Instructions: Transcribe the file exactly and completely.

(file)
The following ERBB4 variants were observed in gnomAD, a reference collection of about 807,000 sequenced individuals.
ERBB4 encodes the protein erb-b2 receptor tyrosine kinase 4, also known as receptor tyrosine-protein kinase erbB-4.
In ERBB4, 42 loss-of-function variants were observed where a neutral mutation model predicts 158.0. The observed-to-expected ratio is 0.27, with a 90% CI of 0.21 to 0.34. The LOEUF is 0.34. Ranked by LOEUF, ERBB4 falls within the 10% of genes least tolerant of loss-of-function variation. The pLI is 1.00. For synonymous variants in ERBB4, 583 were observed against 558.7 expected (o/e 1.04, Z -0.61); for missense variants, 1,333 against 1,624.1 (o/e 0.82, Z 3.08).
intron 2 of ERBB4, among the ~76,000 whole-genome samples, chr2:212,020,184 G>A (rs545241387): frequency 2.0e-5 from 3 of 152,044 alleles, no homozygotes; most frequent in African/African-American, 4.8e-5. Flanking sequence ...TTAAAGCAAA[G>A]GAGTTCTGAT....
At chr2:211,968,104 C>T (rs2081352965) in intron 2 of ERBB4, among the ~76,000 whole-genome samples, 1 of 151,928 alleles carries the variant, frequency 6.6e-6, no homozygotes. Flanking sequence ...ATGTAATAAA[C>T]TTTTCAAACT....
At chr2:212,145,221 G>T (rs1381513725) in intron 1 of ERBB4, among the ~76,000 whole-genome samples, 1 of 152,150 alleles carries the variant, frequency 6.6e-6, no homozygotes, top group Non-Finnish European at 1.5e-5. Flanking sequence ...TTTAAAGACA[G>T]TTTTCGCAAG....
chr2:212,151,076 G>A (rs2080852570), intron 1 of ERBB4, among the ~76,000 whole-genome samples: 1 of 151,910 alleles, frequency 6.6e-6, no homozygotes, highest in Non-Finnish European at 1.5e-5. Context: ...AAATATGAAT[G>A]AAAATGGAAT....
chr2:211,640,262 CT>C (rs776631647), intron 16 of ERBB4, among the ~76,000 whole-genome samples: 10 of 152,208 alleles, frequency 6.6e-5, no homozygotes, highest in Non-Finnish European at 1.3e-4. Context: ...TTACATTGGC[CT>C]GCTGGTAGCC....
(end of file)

The following ERBB4 variants were observed in gnomAD, a reference collection of about 807,000 sequenced individuals.
ERBB4 encodes the protein erb-b2 receptor tyrosine kinase 4, also known as receptor tyrosine-protein kinase erbB-4.
In ERBB4, 42 loss-of-function variants were observed where a neutral mutation model predicts 158.0. The observed-to-expected ratio is 0.27, with a 90% CI of 0.21 to 0.34. The LOEUF is 0.34. Ranked by LOEUF, ERBB4 falls within the 10% of genes least tolerant of loss-of-function variation. The pLI is 1.00. For synonymous variants in ERBB4, 583 were observed against 558.7 expected (o/e 1.04, Z -0.61); for missense variants, 1,333 against 1,624.1 (o/e 0.82, Z 3.08).
intron 2 of ERBB4, among the ~76,000 whole-genome samples, chr2:212,020,184 G>A (rs545241387): frequency 2.0e-5 from 3 of 152,044 alleles, no homozygotes; most frequent in African/African-American, 4.8e-5. Flanking sequence ...TTAAAGCAAA[G>A]GAGTTCTGAT....
At chr2:211,968,104 C>T (rs2081352965) in intron 2 of ERBB4, among the ~76,000 whole-genome samples, 1 of 151,928 alleles carries the variant, frequency 6.6e-6, no homozygotes. Flanking sequence ...ATGTAATAAA[C>T]TTTTCAAACT....
At chr2:212,145,221 G>T (rs1381513725) in intron 1 of ERBB4, among the ~76,000 whole-genome samples, 1 of 152,150 alleles carries the variant, frequency 6.6e-6, no homozygotes, top group Non-Finnish European at 1.5e-5. Flanking sequence ...TTTAAAGACA[G>T]TTTTCGCAAG....
chr2:212,151,076 G>A (rs2080852570), intron 1 of ERBB4, among the ~76,000 whole-genome samples: 1 of 151,910 alleles, frequency 6.6e-6, no homozygotes, highest in Non-Finnish European at 1.5e-5. Context: ...AAATATGAAT[G>A]AAAATGGAAT....
chr2:211,640,262 CT>C (rs776631647), intron 16 of ERBB4, among the ~76,000 whole-genome samples: 10 of 152,208 alleles, frequency 6.6e-5, no homozygotes, highest in Non-Finnish European at 1.3e-4. Context: ...TTACATTGGC[CT>C]GCTGGTAGCC....